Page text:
The RA summer show in record time

The Meeting, Royal Academy of Arts by Leonard Rosoman

Out of respect for one of its recently deceased Academicians, Leonard Rosomon (1913– 2012), the Royal Academy skied one of his best works in the corner of an obscure gallery at this year’s Summer Exhibition (until August 12th). His Committee Meeting, Royal Academy (above), 1979-1984, was on loan from the National Portrait Gallery, where it has probably never been on display. We have in England scores of public galleries and yet is there one with a curator who has the wit to stage a retrospective exhibition of a senior artist like Rosomon? Probably not. For those with an eye on

State Art advancement there is no career mileage in such a show, in fact it would probably end any hope of serious

400 Bad Request

preferment. Yet in the last two years alone Tracey Emin, represented in this exhibition by childish scribbles unworthy of even the fridge door, has had three major exhibitions in public galleries. State Art needs a clear-out and re-staffing with individual thinkers.

Everything in Burlington House this year seemed even more dense and off-putting on the wall than usual, so The Jackdaw’s representative allocated one second on average to each of the 1,474 works before heading off elsewhere in search of art which looked as though it was loved by someone enough to hang it sensitively.

Highlights spotted at speed were a bold Kiefer and a powerful portrait maquette of footballer Stan Cullis by James Butler, the quality of whose modelling always stands out even when exhibited in sculpture galleries more akin to a jumble sale than an exhibition of serious art. One sculptor 400 Bad Request phoned the Jackdaw to remonstrate at this shocking treatment and said he would not have allowed his work to be exhibited so contemptuously. Another wrote a despairing unsigned letter saying that the atrocious hanging of the sculpture was no better than most of the trash selected deserved. Everyone else was represented by the stuff they are usually represented by. There will undoubtedly have been other good work hidden away but life’s too short to search it out among such mountains of amateurish material.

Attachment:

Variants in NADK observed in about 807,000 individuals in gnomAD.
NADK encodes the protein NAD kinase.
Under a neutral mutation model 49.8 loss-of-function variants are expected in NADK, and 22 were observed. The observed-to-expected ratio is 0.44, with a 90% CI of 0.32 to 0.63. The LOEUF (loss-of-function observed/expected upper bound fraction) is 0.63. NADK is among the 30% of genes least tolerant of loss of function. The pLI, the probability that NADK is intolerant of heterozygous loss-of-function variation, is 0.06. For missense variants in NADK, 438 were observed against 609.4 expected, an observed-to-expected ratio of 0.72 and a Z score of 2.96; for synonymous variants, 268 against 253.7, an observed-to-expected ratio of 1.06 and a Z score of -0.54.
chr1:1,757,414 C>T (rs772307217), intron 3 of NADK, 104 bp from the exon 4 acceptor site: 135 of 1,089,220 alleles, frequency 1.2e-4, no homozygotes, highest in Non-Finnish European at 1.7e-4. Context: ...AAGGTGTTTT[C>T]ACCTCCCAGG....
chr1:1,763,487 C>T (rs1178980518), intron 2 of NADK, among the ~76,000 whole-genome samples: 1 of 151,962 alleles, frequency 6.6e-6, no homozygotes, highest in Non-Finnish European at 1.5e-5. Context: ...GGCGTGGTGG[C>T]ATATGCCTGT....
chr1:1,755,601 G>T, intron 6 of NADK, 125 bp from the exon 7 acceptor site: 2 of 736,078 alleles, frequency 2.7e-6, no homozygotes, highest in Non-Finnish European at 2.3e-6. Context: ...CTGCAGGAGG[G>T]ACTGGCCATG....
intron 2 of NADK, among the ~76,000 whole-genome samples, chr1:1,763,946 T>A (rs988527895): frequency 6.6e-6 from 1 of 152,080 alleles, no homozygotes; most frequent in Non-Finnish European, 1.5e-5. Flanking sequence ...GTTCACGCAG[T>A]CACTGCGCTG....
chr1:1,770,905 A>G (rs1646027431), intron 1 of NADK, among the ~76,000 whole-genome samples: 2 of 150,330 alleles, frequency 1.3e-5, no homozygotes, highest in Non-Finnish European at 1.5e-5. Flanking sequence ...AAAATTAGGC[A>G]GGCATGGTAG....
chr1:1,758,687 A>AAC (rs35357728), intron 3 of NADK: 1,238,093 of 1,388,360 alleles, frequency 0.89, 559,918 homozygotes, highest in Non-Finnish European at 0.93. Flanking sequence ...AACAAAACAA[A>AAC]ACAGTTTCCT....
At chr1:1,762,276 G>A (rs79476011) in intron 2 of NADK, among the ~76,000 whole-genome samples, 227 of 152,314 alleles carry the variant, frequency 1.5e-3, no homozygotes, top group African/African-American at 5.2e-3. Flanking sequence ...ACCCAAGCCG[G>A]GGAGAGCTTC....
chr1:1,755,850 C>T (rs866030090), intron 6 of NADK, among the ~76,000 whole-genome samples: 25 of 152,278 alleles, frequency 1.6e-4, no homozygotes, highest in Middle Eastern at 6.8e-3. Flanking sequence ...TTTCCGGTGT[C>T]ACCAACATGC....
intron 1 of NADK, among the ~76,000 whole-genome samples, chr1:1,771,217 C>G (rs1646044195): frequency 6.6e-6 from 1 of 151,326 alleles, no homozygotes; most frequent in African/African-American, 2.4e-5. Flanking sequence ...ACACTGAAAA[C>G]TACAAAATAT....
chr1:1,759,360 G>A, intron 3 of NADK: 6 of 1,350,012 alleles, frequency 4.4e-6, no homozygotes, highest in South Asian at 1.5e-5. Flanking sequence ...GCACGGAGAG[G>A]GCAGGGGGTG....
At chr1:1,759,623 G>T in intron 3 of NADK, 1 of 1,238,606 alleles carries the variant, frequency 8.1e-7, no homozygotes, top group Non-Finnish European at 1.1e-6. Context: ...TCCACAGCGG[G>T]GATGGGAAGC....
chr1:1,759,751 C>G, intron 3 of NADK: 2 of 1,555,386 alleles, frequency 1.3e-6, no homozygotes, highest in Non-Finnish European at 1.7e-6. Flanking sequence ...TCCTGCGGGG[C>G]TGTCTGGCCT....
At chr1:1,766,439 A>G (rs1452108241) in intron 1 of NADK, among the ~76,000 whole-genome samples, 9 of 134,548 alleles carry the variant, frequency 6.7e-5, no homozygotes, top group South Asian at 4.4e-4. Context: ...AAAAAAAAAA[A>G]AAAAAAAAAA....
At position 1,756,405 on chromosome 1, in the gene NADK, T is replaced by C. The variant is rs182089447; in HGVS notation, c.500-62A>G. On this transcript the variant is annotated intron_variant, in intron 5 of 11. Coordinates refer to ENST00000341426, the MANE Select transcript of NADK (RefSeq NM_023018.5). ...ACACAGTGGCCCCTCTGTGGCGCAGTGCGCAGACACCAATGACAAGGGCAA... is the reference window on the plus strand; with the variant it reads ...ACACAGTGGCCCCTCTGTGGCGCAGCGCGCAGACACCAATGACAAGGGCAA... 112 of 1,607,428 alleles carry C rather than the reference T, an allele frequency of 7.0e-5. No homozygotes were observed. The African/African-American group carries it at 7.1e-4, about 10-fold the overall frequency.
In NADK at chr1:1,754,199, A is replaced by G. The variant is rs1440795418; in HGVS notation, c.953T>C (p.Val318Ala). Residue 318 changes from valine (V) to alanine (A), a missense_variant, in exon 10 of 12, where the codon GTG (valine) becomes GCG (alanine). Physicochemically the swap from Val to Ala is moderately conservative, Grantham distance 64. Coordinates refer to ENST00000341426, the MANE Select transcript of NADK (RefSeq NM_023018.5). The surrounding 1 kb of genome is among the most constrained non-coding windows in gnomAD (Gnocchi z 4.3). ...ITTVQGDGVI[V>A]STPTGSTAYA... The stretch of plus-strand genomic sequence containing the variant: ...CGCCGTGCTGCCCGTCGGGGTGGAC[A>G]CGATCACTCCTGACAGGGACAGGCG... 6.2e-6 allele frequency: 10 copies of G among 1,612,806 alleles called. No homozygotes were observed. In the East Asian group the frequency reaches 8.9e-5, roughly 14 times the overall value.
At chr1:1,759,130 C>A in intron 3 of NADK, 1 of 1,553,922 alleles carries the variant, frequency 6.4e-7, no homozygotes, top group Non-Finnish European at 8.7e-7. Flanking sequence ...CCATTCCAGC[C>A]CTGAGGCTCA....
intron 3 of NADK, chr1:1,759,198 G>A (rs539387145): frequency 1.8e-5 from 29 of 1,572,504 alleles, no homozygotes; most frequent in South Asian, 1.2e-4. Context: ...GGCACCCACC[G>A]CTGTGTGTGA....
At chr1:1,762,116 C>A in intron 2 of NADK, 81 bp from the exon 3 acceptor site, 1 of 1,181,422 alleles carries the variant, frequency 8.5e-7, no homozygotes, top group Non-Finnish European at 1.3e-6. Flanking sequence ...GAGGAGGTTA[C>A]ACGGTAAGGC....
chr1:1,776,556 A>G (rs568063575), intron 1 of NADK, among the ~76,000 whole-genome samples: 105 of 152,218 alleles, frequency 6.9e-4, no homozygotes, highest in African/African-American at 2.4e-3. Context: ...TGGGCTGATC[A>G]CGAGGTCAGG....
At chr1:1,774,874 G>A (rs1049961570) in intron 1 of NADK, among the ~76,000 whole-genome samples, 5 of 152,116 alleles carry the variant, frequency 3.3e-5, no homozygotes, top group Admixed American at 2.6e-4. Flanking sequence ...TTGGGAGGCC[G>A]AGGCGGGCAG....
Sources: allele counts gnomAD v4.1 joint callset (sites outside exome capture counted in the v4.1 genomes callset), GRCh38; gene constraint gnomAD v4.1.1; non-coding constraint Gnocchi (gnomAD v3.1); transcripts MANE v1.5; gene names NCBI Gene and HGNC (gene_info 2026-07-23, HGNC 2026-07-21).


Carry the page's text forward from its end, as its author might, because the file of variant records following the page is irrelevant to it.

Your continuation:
Ah, one interesting development was the removal of the small pictures from the far end into the largest gallery. The irony in this was that the vacated gallery was then used to show one work instead of 250. It was a video of someone scraping out “a modern piece for cello”, of the sort one walks straight past in the Tate. Played this crap by torturers you’d be singing like Placido Domingo inside three seconds, telling them your grandmother was Osama bin Laden’s loyal lieutenant in Eccles.

Robert Graves
Epitaph on an Unfortunate Artist

He found a formula for drawing comic rabbits:
This formula for drawing comic rabbits paid,
So in the end he could not change the tragic habits
This formula for drawing comic rabbits made.

David Lee

The Jackdaw June 2012